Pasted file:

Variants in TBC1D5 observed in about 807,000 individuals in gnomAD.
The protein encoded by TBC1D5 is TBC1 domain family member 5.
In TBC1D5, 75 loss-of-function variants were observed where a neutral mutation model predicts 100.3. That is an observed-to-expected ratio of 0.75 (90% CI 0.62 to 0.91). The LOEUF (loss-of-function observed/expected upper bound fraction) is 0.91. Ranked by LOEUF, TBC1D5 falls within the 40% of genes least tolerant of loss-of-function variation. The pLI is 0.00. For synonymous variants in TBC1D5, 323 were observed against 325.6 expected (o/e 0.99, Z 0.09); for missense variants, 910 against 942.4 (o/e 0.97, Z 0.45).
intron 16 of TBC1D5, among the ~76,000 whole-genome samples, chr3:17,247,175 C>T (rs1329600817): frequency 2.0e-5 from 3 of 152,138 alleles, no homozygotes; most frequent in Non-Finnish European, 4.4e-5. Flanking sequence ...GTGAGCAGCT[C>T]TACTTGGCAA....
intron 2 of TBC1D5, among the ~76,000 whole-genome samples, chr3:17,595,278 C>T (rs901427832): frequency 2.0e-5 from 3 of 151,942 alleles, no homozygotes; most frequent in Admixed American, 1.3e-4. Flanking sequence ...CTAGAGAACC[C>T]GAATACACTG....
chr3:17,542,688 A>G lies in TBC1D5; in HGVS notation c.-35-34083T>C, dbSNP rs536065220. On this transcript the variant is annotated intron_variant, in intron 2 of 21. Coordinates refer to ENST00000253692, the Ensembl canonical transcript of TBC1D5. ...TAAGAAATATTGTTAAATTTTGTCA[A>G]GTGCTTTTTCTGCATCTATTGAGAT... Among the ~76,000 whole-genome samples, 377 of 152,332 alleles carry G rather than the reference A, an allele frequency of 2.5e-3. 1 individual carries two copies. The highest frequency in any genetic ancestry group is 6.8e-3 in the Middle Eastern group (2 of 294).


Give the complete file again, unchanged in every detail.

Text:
Variants in TBC1D5 observed in about 807,000 individuals in gnomAD.
The protein encoded by TBC1D5 is TBC1 domain family member 5.
In TBC1D5, 75 loss-of-function variants were observed where a neutral mutation model predicts 100.3. That is an observed-to-expected ratio of 0.75 (90% CI 0.62 to 0.91). The LOEUF (loss-of-function observed/expected upper bound fraction) is 0.91. Ranked by LOEUF, TBC1D5 falls within the 40% of genes least tolerant of loss-of-function variation. The pLI is 0.00. For synonymous variants in TBC1D5, 323 were observed against 325.6 expected (o/e 0.99, Z 0.09); for missense variants, 910 against 942.4 (o/e 0.97, Z 0.45).
intron 16 of TBC1D5, among the ~76,000 whole-genome samples, chr3:17,247,175 C>T (rs1329600817): frequency 2.0e-5 from 3 of 152,138 alleles, no homozygotes; most frequent in Non-Finnish European, 4.4e-5. Flanking sequence ...GTGAGCAGCT[C>T]TACTTGGCAA....
intron 2 of TBC1D5, among the ~76,000 whole-genome samples, chr3:17,595,278 C>T (rs901427832): frequency 2.0e-5 from 3 of 151,942 alleles, no homozygotes; most frequent in Admixed American, 1.3e-4. Flanking sequence ...CTAGAGAACC[C>T]GAATACACTG....
chr3:17,542,688 A>G lies in TBC1D5; in HGVS notation c.-35-34083T>C, dbSNP rs536065220. On this transcript the variant is annotated intron_variant, in intron 2 of 21. Coordinates refer to ENST00000253692, the Ensembl canonical transcript of TBC1D5. ...TAAGAAATATTGTTAAATTTTGTCA[A>G]GTGCTTTTTCTGCATCTATTGAGAT... Among the ~76,000 whole-genome samples, 377 of 152,332 alleles carry G rather than the reference A, an allele frequency of 2.5e-3. 1 individual carries two copies. The highest frequency in any genetic ancestry group is 6.8e-3 in the Middle Eastern group (2 of 294).